Hand Me that Socket Wrench Next to My .45

The Mechanic (2011)

I rather like Jason Statham as an actor. Once a professional diver (as in the sport, diving) and then a male model (because divers and swimmers are cut), the actor got plucked from obscurity to star in a couple of Guy Ritchie films, and from there he's become a constant, and pretty solid, presence in various action films. He's pretty believable as an action star, someone I often describe as "hitter" because of his natural fighting style, but he's just as solid at drama and comedy. When given the right material, Statham can be great.

The Mechanic

Problem is, of course, that he doesn't often get material that really suits his style. Sometimes he gets to be in a film that's actually good -- The Transporter is a fun, action-packed film (even if its sequels work on diminishing returns), Spy let him show his comedy chops, and even Hobbs & Shaw was at least agreeably stupid -- but most movies the actor gets to make are, frankly, beneath his talent. It's a lot of garbage, direct-to-video worthy films that hardly are worth the effort the actor puts in.

That, of course, brings us to The Mechanic. This 2011 action film is a remake of a 1972 Charles Bronson vehicle of the same name, although I doubt that most people who saw this film (which, considering the film's paltry $76 Mil take at the Box Office, wasn't that many people) even knew this was a remake. I haven't seen that 1972 film, although it is well regarded for its action. This film, by comparison, can't even muster that; this is a by-the-numbers action cheapie cranked out to give Statham something to do for a couple of months before he went on to his next garbage film (which, from the looks of it, was... Gnomeo & Juliet.. my god, man, get a better agent).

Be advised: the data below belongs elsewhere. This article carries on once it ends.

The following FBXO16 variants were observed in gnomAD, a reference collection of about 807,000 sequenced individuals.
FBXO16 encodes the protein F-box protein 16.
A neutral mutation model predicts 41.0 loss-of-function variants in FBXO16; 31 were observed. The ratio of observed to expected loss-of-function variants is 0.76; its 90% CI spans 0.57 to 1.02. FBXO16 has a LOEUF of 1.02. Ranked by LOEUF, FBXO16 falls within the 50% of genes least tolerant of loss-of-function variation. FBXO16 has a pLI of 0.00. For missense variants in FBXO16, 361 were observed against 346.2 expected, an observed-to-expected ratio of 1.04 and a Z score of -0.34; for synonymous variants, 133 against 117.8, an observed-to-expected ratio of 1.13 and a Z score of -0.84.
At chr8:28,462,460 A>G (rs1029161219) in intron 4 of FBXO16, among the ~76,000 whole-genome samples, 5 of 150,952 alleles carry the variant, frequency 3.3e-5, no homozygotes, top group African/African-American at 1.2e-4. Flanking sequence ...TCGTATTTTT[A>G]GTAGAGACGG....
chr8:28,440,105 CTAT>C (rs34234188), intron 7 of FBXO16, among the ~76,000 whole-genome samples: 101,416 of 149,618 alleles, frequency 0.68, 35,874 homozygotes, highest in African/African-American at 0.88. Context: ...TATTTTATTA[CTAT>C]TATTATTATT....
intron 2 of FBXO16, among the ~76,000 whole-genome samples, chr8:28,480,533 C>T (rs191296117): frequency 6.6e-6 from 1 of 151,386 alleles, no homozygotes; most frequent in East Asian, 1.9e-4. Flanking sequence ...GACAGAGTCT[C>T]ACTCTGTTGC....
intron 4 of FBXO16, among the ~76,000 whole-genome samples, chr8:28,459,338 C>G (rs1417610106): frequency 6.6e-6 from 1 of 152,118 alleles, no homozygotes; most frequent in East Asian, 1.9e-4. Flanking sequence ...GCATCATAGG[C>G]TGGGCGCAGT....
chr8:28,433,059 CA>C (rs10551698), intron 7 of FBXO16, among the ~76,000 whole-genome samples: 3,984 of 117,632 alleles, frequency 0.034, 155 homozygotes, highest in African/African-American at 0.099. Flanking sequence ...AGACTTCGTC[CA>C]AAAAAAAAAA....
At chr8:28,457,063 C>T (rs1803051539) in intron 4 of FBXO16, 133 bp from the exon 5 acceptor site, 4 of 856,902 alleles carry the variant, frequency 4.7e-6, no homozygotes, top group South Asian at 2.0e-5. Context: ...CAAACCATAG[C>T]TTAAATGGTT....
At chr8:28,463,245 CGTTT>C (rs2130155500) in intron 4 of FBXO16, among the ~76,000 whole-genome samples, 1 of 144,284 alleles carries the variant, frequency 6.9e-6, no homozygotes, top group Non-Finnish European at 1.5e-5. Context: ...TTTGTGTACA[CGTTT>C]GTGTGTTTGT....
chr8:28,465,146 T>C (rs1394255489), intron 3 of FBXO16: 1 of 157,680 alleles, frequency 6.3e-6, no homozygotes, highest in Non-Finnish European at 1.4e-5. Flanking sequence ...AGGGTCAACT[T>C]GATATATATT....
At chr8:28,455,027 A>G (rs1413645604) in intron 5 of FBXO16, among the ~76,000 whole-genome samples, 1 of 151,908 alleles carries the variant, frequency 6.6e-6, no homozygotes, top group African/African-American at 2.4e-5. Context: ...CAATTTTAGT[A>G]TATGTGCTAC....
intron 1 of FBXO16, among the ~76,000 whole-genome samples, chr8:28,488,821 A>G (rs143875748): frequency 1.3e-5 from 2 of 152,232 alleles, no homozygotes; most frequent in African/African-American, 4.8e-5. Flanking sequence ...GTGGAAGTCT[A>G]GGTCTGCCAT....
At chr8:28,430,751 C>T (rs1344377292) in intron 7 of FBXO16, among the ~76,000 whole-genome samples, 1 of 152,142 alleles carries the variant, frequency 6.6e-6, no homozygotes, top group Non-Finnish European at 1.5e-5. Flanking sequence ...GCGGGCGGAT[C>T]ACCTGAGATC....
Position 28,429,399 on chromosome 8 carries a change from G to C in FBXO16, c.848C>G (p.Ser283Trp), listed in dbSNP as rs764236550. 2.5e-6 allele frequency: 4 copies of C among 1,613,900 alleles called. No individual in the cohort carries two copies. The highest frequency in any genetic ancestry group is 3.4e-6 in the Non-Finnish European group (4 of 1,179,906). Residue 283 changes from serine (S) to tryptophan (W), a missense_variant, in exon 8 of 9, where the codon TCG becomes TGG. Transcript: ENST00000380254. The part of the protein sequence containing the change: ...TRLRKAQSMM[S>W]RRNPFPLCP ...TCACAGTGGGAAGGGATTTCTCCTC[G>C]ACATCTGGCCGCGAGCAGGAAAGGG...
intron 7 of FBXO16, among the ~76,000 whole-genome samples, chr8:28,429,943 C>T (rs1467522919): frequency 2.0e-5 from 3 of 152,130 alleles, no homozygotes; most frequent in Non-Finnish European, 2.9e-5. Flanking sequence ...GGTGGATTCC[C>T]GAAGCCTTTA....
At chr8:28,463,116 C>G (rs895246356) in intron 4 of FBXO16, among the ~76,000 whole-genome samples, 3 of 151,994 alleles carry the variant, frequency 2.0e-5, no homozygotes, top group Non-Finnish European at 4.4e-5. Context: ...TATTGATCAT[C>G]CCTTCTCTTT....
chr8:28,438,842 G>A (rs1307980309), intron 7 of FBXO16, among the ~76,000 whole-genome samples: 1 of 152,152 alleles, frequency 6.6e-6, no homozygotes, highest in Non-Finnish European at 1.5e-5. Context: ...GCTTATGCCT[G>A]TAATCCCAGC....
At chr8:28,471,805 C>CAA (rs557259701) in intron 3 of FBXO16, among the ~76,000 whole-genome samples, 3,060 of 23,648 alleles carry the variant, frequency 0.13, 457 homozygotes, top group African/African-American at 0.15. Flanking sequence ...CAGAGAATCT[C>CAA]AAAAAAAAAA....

In the film Statham plays Arthur Bishop, an assassin that works for a shadowy agency, taking out targets that just have to be killed (for the betterment of the world, it's generally assumed). We're told that Bishop is the best agent working for the agency (honestly the whole first act of this film is loaded with exposition telling us all about the characters instead of letting us learn it naturally), making him a real prize for the group. He does pull off a pretty impressive kill right at the start, and then heads home to New Orleans to relax for a bit. His handler, Harry McKenna (Donald Sutherland), meets up with Bishop and pays him for a job well done, but soon after Bishop is contacted for a new job: killing McKenna. Seems McKenna turned double agent and Bishop has to take him down, which he does, quite efficiently.

Bishop later runs into McKenna's screw-up son, Steve (Ben Foster). After a bit of back-and-forth, Steve lets it be known that he wants in on the business. He needs something to do and he feels like Bishop owes him (even though he doesn't know Bishop is the one that killed his dad). Eventually Bishop relents and agrees to train the kid to be an assassin. While Steve does show some promise, he's also reckless and violent and likely to get both of them killed. When a job comes up that requires finesse, Steve, of course, screws it up. This leads the company to put a hit out on both of them, but soon Bishop learns a dark secret: the elder McKenna wasn't dirty, the company is. Bishop now has to get revenge for his friend, and take the company down, all while keeping the truth from Steve before everything goes tits up even further.